In the fall of 2003, a few short months after the first Woody book was released, Ron, Woody, Chloe and I traveled to Hopkinsville, KY for a presentation and book signing. At the event, we met a beautiful little girl named Ellen. Ellen’s grandmother, Wanda, had brought her to the event. After the presentation, Wanda bought Ellen a book that we signed, took a picture of her with the pups, and let her spend some time with Woody and Chloe. It’s our standard MO at events. Over the next several years, anytime we were in the area, Wanda brought Ellen to see the pups. In fact, Wanda coordinated many events for Woody in the Christian County area – all to see the joy on her granddaughter’s face.

I received a call from Wanda recently, informing me of Ellen’s passing at the young age of 19 years old. It was a tragic car accident that occurred one morning while Ellen was going to her younger brother’s school event. As one can imagine, words can’t describe the overwhelming sadness Ron and I felt. Although the accident happened many months ago, no doubt our grief paled in comparison to the grief her family and those who had the privilege to be close to her daily felt.

Over the years, this is the third time we’ve been notified of the death of a precious young person we’d met through Woody Three different young people – ages 3, 16, and 19 respectively – who had passed at a very young age. During the call, Wanda said, “I just wanted to thank you for spending time with her.” I assured her we were the ones who were thankful. We were the ones who’d been blessed by knowing Ellen. When the call ended, my mind raced with “What if?”

What if I’d been too busy to talk this little girl?

Remember the story of The Good Samaritan?” A traveler is left for dead alongside the road. A priest and a Levite come by but ignore the injured party. Yet a Samaritan comes by and assists the helpless gentleman.

We don’t know why the priest or the Levite didn’t stop. Maybe they were too afraid. Maybe they were on their way to church. Maybe they had something pressing at home or a deadline at work.


It seems as if we our society is in perpetual motion. A recent study showed we sleep less yet work longer hours than we did years ago. We are overloaded with activities, commitments, choices, media, and work. We’re overcommitted, overscheduled, overburdened. And this creates havoc in our life. Rather than accomplishing more, we underperform. Consequently, it brings on stress, causes our work to suffer and can put a strain on our relationships. It results in burnout.

I have no peace, no quietness; I have no rest, but only turmoil. – Job 3:26


I’m a firm believer in having a margin of time in our life. While Ron and I keep a schedule, we also have a large amount of time in our week that we don’t schedule any commitments. To rephrase, we have a large amount of time in our week that we schedule to keep open. That unscheduled time always results in something beneficial.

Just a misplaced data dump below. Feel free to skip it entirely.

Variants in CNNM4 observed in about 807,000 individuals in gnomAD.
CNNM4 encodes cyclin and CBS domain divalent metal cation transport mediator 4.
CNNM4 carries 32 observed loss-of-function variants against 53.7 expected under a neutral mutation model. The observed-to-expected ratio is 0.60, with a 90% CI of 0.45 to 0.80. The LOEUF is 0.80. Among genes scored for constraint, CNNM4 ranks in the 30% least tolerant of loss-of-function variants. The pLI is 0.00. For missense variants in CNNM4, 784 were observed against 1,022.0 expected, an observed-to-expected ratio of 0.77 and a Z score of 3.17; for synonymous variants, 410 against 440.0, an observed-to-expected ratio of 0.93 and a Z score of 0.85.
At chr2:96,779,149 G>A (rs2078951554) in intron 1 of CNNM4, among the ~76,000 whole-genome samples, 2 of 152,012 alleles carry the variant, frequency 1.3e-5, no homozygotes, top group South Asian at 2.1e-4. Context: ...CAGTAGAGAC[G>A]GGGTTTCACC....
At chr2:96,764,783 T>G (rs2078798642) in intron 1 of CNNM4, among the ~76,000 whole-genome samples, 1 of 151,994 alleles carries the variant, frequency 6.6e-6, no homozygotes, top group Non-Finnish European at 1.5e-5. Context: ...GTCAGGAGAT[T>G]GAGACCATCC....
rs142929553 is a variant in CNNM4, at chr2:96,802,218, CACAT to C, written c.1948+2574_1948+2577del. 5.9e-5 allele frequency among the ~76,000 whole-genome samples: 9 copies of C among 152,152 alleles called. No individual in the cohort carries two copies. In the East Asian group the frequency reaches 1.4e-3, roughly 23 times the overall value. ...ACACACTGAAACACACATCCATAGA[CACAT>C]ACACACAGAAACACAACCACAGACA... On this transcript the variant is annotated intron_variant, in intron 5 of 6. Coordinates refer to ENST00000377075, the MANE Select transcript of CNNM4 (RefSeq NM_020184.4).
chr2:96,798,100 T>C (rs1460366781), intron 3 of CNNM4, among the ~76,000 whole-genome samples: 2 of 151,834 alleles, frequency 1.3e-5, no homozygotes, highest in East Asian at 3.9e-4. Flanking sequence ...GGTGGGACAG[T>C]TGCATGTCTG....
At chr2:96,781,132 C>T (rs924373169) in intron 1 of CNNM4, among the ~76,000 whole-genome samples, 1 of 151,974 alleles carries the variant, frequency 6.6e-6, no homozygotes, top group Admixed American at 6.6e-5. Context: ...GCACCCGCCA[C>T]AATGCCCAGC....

In his book, Margin: Restoring Emotional, Physical, Financial, and Time Reserves to Overloaded Lives, Dr. Richard Swenson describes margin as the space between our load and our limits. He calls it a reserve for unanticipated situations.

If our time is filled with things – even good things – then we aren’t free to accept opportunities God puts in our path. Christian psychologists all agree the following steps will get us on the path to creating margin in our lives:

1.       Protect time with God and your family.  

2.       Set boundaries.

3.       Prioritize your life and goals.

4.       Don’t say “yes” to everything.

5.       Learn to say “no.”

6.       Learn to stop feeling guilty for saying “no.”

7.       Stop unnecessary time wasters.

8.       Work smarter.


Be still and know that I am God. – Psalm 46:10

It’s hard to be still when we’re overcommitted and running in several directions. When we have a margin of time, we can help the elderly neighbor on a moment’s notice, volunteer to babysit for the single mom, or have a conversation about Jesus with someone without having to look at our watch and rush off. We can stop and help the girl whose car is stalled on the freeway. We can get on our knees and look in the eyes of a child. Sometimes the biggest difference we make in a person’s life is by giving them attention. I wonder what blessing the priest and the Levite missed by not taking the time to stop for the Samaritan?

My challenge to all of us – myself included – is for us to evaluate our schedule. Are there areas we need to tweak? Do we have time in our lives to be still and talk to God, to help others, to enjoy our spouse and families? I’m sure there’ve been countless times I’ve rushed away from someone or a situation because I was overloaded. Yet there are times I’m so thankful I had the opportunity to relax, to lean in and listen to a child. It may or may not make a difference in their life, but I will be blessed because of it. Do I have the time to help others? Do you have the time?